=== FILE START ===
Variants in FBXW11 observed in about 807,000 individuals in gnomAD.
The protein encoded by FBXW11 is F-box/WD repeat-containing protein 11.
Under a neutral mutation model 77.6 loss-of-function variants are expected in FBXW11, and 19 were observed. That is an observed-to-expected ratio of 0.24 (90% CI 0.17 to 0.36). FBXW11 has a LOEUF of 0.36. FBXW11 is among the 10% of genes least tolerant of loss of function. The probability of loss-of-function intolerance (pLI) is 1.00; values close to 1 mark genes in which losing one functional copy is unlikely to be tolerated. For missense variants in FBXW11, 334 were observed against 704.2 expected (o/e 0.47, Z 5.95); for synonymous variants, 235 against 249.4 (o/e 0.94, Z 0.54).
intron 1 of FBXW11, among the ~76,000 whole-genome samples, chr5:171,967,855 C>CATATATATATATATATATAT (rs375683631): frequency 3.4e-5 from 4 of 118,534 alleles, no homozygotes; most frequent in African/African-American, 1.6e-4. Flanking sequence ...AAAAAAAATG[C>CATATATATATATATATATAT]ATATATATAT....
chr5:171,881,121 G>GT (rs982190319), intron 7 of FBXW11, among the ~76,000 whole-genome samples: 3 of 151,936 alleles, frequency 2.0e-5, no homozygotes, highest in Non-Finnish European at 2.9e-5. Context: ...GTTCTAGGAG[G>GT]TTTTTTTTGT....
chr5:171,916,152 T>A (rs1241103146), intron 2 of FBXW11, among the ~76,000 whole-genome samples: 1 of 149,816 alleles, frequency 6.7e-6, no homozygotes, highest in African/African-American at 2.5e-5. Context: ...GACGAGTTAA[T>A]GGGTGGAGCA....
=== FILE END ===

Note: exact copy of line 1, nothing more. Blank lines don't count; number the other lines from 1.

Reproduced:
Variants in FBXW11 observed in about 807,000 individuals in gnomAD.